Having been primarily a politician in the past, I am now at least to some extent a businessman as well. I would not invest in this region for short-term profit. But I would seriously contemplate doing so for the long-term possibilities it does offer.
The five countries south of Slovenia and north of Greece do not represent a large proportion of the population of Europe. With app 25 million inhabitants, it is no more than app 7 percent of the population of the European Union of today. And in economic terms, the situation is of course dramatic. Even taken together, these countries today represent less than one percent of the economy of the European Union.
But in these figures lies also the potential for the future.
With overall political stability, with sound reform policies in place and with a gradual integration with the rest of Europe, there is no sound reason why growth here should not be stronger here in the years to come than in most other parts of Europe.
The Stabilisation and Association Agreements of the European Union gives a pathway for the future. These represent a very considerable step forward in the policies of the EU towards the region. I belong to those convinced that, in the years ahead, it will have to develop further, and that we will see a step-by-step evolution towards free trade agreements with the EU, a customs union covering the area, its de facto inclusion in the internal market of the European Union and, over time, a true pre-accession policy.
This would aim at full membership in a European Union that by that time encompasses all of Europe to the West of Russia and the Ukraine in a federation of nation states that preserves the peace and promotes the prosperity of all of its constituent units.
I’m not among those saying that this will be either easy, quick or without its problems. On the contrary. It took a long time even for my own country – Sweden – to make this journey. And here the wounds of war, the lateness of reform and the legacies of both socialism and sanctions remain heavy burdens. But I do not know of any serious observer who doubts that this is the direction in which things will be develop. There will be difficulties and disputes over the modalities and the pace – but there is none over the basic direction of the years and the decades to come.
And that is of profound importance when looking at the economic future of Serbia and Yugoslavia. It’s clearly heading towards Europe. And – after the devastating decade of the 1990’s – it has done a very good start in a very short time.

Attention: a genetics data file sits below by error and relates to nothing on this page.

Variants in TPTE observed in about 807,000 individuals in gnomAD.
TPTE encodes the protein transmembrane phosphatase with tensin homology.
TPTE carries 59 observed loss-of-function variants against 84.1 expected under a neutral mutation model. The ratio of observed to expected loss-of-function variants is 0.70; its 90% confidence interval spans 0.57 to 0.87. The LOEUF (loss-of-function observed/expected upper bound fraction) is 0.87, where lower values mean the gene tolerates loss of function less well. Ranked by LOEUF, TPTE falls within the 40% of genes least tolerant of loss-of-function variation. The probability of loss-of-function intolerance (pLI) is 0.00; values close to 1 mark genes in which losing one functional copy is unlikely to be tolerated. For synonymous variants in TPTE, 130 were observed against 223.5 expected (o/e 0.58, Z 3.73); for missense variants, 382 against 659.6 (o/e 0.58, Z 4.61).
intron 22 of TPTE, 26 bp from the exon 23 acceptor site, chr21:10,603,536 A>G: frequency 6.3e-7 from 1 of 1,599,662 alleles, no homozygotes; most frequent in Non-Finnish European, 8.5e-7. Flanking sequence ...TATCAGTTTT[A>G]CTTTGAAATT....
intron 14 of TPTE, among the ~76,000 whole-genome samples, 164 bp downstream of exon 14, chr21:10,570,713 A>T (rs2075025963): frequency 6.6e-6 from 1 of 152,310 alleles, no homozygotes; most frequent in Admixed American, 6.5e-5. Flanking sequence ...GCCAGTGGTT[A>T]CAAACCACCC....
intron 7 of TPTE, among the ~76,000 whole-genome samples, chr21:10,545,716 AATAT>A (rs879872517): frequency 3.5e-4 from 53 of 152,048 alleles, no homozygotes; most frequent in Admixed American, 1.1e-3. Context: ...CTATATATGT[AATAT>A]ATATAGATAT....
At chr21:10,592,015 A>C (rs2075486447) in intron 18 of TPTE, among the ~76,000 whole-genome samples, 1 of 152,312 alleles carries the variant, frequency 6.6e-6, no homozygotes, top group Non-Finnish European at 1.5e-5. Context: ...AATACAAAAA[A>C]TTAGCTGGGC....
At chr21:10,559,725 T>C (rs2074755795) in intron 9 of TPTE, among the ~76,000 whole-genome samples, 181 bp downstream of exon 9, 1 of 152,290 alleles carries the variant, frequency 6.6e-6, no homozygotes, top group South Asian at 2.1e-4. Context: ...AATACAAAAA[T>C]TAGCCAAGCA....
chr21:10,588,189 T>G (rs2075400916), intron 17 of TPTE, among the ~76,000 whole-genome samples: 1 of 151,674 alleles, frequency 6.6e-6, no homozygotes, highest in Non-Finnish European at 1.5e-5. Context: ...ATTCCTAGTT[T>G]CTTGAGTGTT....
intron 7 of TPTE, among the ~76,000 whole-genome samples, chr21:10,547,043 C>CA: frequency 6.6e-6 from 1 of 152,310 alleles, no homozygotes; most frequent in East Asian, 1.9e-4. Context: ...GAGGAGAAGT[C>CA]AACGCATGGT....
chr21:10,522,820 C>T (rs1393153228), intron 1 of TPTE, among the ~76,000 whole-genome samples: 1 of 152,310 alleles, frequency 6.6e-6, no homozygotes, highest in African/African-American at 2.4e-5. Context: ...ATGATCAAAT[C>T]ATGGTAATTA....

When stepping back and looking at this region, you could argue that its problems and its potential derive from the same historical facts. Situation where Christian Europe was once divided into an East and a West, where Christianity meets Islam, and where we are looking beyond the borders of Europe itself, it did over time develop into a mosaic of cultures, traditions and religions that couldn’t really be fitted into the pattern of pure national states that become the pattern in Europe during the past one or two centuries.
This was, ultimately, why we got all the conflicts and the wars. But this is, ultimately, what gives the region and its countries its perhaps greatest potential for the future.
It’s easy to talk about the importance of the infrastructure links that are necessary to connect different parts of Europe, and about the road and the rail links connecting Europe to Turkey and further beyond. But beyond this lies the greater importance of the region as a bridge between Europe and important parts of its outside world.
And here the mosaic that often in the past turned into a problem - sometimes exploited, sometimes just mishandled – has all the possibilities of turning into an important potential.
Nothing of this will happen tomorrow. Those of us who have been dealing with the conflicts of the region know the problems.
But with the right policies in place, and within a clear structure of European integration, this region could be transformed from the region of problems in the past to a region of possibilities in the future.
|Bildt Blog Comments
In addition to this webpage, and the email letters ongoing since 1994, I have now started a blog as well.
You find it at http://bildt.blogspot.com.
At www.bildt.net you will continue to find articles, speeches and different documents.
At the blog there will be the shorter and perhaps somewhat faster comments.
And the e-letter continues to give at the least an attempt at analys.